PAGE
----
Sir JAMES GRAHAM rebutted a few of Mr. Ferrand's assertions; totally denied the corrupt conduct imputed to him; and promised to give full ex- planations of his conduct in the proper place—in the Court of Queen's Bench; where he undertook to appear as a witness in the prosecution of Mr. Ferrand by Mr. Commissioner Lewis for defamation.
The debate was protracted to great length, several speakers taking part in it,—Mr. DISRAELI, Sir ROBERT PEEL, Mr. ROEBUCK, Mr. BICKHJiX ESCOTT, Mr. VILLIERS, and many more; but throughout it never rose above the character of a squabble. Sir James Graham's very temperate and frank announcement completely won the feeling of the House to his, side: even Mr. Dusnama advised Mr. Ferrand to withdraw the motion; and Lo-d JOHN RUSSELL rebuked him for wasting the public time, by ad- vancing a motion so totally irrelevant to the duties of the House, as it re- lated to matters of which the House had already disposed, and which had been transferred to the courts of law. Professing to be satisfied with Sir James's promise to appear in the witness-box, Mr. FERRAND withdrew his motion.
On Tuesday, Mr. HUME moved an address " for a copy of the minutes of the Trustees of the National Gallery during the years 1845 and 1846, with the names of all the Trustees present at each meeting; also for copies of the orders and instructions to the Keeper of the Gallery respecting the cleaning of the pictures, and any directions in respect to their arrangement."
Sir ROBERT PEEL seconded the motion—
The Trustees had no other object than to give the fullest information to the House of Commons, which had always behaved so liberally and generously to them. There had been a meeting of the Trustees the other day ; and in conse- quence of the observations which had been made elsewhere, they had called upon the gentleman under whose immediate charge the institution was placed to make the fullest report to them on the subject: and Sir Robert hoped, in consideration of that gentleman's high character, his great eminence as an artist, and his con- summate knowledge of that art of which he was so distinguished an ornament, that Members would suspend their judgment for a short time, until that report and the other documents were laid before them; which he hoped would be in a few days.
Sir CHARLES WOOD entirely concurred in what had fallen from Sir Robert; and assured the House that the fullest information should be given. The motion was affirmed.
LAW OF SETTLEMENT COMMITTEE. OR Tuesday, Sir GEORGE GREY moved that the following gentlemen be appointed as the Select Committee—Mr. C. Bul- ler, Sir J. Graham Mr. Bankes, Mr. J. E. Denison, Sir G. Grey, Mr. Hindley, Mr. T. Buncombe, Lord H. Vane, Mr. P. Scrope, Mr. W. Miles, Mr. C. Villiers, Mr. Borthwick, Mr. C. Round, Mr. Aldan; and Mr. Bodkin. Mr. FERRAND ob- jected to this list. The fifteen names comprised nine Liberals and only six Con- servatives or Tories, (be did not know any distinctive appellation for the fol- lowers of the late Premier,) and the name of Mr. Hindley had been substituted for Mr. Henley. Eventually, all the names were agreed to except that of Mr. Hiudley; Sir GEORGE GREY stating that he intended to restore the name of Mr. Henley.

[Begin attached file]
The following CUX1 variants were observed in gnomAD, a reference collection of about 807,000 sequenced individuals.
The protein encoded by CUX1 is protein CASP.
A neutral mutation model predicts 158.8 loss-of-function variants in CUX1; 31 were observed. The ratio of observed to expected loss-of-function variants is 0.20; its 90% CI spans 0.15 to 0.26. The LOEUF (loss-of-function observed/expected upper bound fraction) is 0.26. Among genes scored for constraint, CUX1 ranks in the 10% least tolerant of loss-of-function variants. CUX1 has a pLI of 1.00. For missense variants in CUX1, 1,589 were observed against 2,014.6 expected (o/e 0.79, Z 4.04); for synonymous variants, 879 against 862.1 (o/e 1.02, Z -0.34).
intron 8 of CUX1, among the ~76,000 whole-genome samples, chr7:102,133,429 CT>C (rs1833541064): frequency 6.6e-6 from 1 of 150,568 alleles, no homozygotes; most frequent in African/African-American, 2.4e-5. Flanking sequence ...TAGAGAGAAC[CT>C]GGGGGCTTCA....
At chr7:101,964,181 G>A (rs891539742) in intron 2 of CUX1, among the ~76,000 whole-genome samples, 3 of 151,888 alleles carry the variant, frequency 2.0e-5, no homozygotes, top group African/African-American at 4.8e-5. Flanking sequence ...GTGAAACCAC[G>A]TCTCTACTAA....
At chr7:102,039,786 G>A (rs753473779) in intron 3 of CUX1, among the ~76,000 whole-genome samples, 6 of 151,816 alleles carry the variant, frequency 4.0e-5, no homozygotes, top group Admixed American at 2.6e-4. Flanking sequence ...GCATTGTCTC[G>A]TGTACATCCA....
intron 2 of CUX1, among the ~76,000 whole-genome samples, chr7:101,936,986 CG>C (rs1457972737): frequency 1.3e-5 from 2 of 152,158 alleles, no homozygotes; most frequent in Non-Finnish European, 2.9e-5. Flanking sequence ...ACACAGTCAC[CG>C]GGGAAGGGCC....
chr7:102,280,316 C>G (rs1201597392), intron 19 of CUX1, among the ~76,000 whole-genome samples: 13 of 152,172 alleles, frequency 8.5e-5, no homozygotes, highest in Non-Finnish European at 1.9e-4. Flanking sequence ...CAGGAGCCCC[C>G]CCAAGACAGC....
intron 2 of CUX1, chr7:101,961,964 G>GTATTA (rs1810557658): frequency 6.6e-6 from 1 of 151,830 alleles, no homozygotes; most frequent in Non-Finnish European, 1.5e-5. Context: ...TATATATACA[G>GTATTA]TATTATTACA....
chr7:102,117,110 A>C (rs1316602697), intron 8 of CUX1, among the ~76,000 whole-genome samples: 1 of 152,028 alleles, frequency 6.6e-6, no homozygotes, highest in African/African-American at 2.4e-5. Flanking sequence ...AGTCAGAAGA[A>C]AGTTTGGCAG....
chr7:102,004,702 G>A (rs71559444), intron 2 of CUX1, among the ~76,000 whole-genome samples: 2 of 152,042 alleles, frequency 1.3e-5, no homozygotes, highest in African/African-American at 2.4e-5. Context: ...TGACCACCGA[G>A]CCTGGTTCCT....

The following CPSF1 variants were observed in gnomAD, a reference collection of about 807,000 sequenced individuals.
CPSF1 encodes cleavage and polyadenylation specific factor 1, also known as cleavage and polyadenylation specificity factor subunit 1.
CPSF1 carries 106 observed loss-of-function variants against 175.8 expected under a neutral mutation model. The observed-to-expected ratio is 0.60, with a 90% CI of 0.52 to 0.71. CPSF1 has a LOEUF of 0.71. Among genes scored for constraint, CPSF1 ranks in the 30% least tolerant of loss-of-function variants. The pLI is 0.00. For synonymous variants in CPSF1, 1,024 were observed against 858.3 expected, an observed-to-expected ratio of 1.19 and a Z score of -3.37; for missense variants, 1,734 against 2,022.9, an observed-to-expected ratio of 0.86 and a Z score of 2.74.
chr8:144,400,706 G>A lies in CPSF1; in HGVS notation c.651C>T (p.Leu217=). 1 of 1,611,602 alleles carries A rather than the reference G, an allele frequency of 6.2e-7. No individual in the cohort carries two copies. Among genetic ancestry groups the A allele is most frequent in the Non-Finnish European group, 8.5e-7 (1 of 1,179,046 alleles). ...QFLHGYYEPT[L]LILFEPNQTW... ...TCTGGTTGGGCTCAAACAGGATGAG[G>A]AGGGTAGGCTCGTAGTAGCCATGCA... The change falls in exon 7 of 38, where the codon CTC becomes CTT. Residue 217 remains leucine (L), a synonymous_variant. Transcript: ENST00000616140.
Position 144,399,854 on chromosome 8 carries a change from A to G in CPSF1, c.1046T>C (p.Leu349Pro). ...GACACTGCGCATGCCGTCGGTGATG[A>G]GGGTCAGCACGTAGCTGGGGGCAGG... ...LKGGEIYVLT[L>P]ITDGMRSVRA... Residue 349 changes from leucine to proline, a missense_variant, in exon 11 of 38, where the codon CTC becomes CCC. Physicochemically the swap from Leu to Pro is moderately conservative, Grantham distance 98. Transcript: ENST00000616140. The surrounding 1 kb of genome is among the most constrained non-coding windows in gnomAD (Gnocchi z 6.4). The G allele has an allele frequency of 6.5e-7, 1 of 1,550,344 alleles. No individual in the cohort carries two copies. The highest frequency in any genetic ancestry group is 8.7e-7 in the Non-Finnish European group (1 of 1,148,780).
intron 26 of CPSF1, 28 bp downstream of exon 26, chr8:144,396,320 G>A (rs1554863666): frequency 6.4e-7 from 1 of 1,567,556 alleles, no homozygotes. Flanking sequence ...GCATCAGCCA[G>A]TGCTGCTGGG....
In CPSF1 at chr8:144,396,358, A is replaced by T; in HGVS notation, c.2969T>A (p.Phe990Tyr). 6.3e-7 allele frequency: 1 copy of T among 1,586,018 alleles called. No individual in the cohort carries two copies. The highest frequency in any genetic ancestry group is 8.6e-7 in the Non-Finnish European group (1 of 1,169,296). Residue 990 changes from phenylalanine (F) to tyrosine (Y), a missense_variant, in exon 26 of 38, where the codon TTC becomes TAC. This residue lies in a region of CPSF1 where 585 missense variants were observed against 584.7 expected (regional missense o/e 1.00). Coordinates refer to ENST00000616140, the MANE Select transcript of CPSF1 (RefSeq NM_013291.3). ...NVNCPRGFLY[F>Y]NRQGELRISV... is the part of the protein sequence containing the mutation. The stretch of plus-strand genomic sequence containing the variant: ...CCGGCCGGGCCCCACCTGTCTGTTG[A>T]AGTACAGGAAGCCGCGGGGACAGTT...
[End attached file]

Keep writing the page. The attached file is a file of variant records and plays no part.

CHELSEA PENSIONS. In the House of Commons, on Tuesday, Mr. Fox MAULS moved for leave to introduce a bill to abolish the poundage on the pensions of Chelsea pensioners. Before 1754, if a pension was allotted to any soldier on the 1st January in any year, no part of that pension was paid to him until the 31st December; it was paid annually, and in arrear. The consequence was, that when the soldier lost his full pay, this period having to elapse before he could draw any reward for his past services, lie found at his elbow numerous money- lenders ready to take every advantage of him; and this system had proceeded so far, that in 1754 the Government thought it absolutely necessary, as a matter of justice to the pensioner, to interfere by a law, enacting that the payments to Chelsea pensioners should be made six months in advance, and that no one should aid in forestalling any pension; and at the same time, to make up to the public for paying this large sum in advanoe, the pensioners were to be charged—and they most gladly submitted to it—five per cent upon their pensions. This state of things continued until the present moment, .except in the case of pensions given to men enlisted after 1833. On the pensions granted in the Navy there was however, no charge of poundage. The pensions to the Artillery were for- merly paid through the Ordnance, and it was not the practice to charge poundage upon these; and hence, when the two classes came to be amalgamated, there was a striking anomaly, and the charge came to be considered in the light of a tax. It became also extremely inconvenient with reference to the public service. The bill was brought in. CRUELTIES TO BRITISH SUBJEers IN THE Rio DE LA PLATA. On Thum- day, Mr. Ross asked for some explanation respecting Mr. Wardlaw, acting mate of the Queen's ship Racer, who was treacherously murdered by the soldiers of Roses while carrying a Bag of trace; and also respecting a decree by Roses, de- claring that he would treat as pirates any French or British officers who might fall into his hands. Lord PALmERsTON replied, that instructions bad been sent out to the British Admiral to make inquiries into Mr. Wardlaw's case, but the re- port had not been received. As to the other point, the House might well imagine that the declaration that British officers in her Majesty's service, acting in obe- dience to their orders, were to be treated as pirates, could only be met in one way by the British Government.
PROGRESS OP RAILWAY BILLS IN THE HOUSE OF COMMONS.
Ems READ A FIRST TIME. Thursday, January 21.—Bristol-and-Exeter (branch from Bleadon to Wells, Glastonbury, and Street). Bristol-and-Exeter (Taunton and Castle Cary branch). Lowestoft Railway and Harbour (alteration near Needham). South-eastern (Mid Kent and Direct Tunbridge).